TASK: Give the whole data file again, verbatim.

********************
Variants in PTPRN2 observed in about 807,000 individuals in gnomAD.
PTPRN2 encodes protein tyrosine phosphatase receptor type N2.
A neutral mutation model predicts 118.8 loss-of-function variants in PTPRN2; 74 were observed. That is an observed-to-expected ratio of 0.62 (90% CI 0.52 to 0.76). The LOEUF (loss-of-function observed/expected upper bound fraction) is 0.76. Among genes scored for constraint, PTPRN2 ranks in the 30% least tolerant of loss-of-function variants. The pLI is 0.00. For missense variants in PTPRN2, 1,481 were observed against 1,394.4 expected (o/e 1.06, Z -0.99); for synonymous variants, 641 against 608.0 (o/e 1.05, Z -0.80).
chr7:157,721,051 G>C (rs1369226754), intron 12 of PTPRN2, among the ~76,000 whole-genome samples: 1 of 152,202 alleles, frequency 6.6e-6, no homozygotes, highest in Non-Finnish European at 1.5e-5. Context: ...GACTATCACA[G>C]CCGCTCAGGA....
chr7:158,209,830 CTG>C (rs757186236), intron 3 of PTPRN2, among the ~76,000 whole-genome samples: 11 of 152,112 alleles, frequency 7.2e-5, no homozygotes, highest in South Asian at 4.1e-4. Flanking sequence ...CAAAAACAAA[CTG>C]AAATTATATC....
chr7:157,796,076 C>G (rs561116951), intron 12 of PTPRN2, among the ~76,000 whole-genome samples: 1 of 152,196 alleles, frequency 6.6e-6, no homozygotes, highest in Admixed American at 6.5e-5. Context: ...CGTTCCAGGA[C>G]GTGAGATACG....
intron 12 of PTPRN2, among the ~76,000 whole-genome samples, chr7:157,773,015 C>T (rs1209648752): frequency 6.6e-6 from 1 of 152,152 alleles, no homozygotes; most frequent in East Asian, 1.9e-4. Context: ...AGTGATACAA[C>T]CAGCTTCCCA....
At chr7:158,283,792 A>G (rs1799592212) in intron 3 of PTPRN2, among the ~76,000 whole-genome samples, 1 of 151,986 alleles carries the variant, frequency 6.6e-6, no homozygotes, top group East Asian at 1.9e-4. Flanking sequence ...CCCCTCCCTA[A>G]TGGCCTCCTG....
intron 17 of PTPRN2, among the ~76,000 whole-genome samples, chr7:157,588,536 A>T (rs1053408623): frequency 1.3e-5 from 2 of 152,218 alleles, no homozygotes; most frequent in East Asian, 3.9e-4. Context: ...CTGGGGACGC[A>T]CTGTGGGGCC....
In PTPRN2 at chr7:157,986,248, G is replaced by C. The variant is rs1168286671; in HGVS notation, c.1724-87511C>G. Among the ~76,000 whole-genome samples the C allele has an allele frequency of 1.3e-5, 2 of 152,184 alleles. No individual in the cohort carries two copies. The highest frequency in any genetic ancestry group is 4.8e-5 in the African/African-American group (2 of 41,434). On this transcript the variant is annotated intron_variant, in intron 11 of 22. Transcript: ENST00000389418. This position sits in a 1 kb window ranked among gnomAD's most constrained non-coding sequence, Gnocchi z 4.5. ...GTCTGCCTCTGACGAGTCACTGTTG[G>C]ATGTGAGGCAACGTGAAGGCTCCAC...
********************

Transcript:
Variants in PTPRN2 observed in about 807,000 individuals in gnomAD.
PTPRN2 encodes protein tyrosine phosphatase receptor type N2.
A neutral mutation model predicts 118.8 loss-of-function variants in PTPRN2; 74 were observed. That is an observed-to-expected ratio of 0.62 (90% CI 0.52 to 0.76). The LOEUF (loss-of-function observed/expected upper bound fraction) is 0.76. Among genes scored for constraint, PTPRN2 ranks in the 30% least tolerant of loss-of-function variants. The pLI is 0.00. For missense variants in PTPRN2, 1,481 were observed against 1,394.4 expected (o/e 1.06, Z -0.99); for synonymous variants, 641 against 608.0 (o/e 1.05, Z -0.80).
chr7:157,721,051 G>C (rs1369226754), intron 12 of PTPRN2, among the ~76,000 whole-genome samples: 1 of 152,202 alleles, frequency 6.6e-6, no homozygotes, highest in Non-Finnish European at 1.5e-5. Context: ...GACTATCACA[G>C]CCGCTCAGGA....
chr7:158,209,830 CTG>C (rs757186236), intron 3 of PTPRN2, among the ~76,000 whole-genome samples: 11 of 152,112 alleles, frequency 7.2e-5, no homozygotes, highest in South Asian at 4.1e-4. Flanking sequence ...CAAAAACAAA[CTG>C]AAATTATATC....
chr7:157,796,076 C>G (rs561116951), intron 12 of PTPRN2, among the ~76,000 whole-genome samples: 1 of 152,196 alleles, frequency 6.6e-6, no homozygotes, highest in Admixed American at 6.5e-5. Context: ...CGTTCCAGGA[C>G]GTGAGATACG....
intron 12 of PTPRN2, among the ~76,000 whole-genome samples, chr7:157,773,015 C>T (rs1209648752): frequency 6.6e-6 from 1 of 152,152 alleles, no homozygotes; most frequent in East Asian, 1.9e-4. Context: ...AGTGATACAA[C>T]CAGCTTCCCA....
At chr7:158,283,792 A>G (rs1799592212) in intron 3 of PTPRN2, among the ~76,000 whole-genome samples, 1 of 151,986 alleles carries the variant, frequency 6.6e-6, no homozygotes, top group East Asian at 1.9e-4. Flanking sequence ...CCCCTCCCTA[A>G]TGGCCTCCTG....
intron 17 of PTPRN2, among the ~76,000 whole-genome samples, chr7:157,588,536 A>T (rs1053408623): frequency 1.3e-5 from 2 of 152,218 alleles, no homozygotes; most frequent in East Asian, 3.9e-4. Context: ...CTGGGGACGC[A>T]CTGTGGGGCC....
In PTPRN2 at chr7:157,986,248, G is replaced by C. The variant is rs1168286671; in HGVS notation, c.1724-87511C>G. Among the ~76,000 whole-genome samples the C allele has an allele frequency of 1.3e-5, 2 of 152,184 alleles. No individual in the cohort carries two copies. The highest frequency in any genetic ancestry group is 4.8e-5 in the African/African-American group (2 of 41,434). On this transcript the variant is annotated intron_variant, in intron 11 of 22. Transcript: ENST00000389418. This position sits in a 1 kb window ranked among gnomAD's most constrained non-coding sequence, Gnocchi z 4.5. ...GTCTGCCTCTGACGAGTCACTGTTG[G>C]ATGTGAGGCAACGTGAAGGCTCCAC...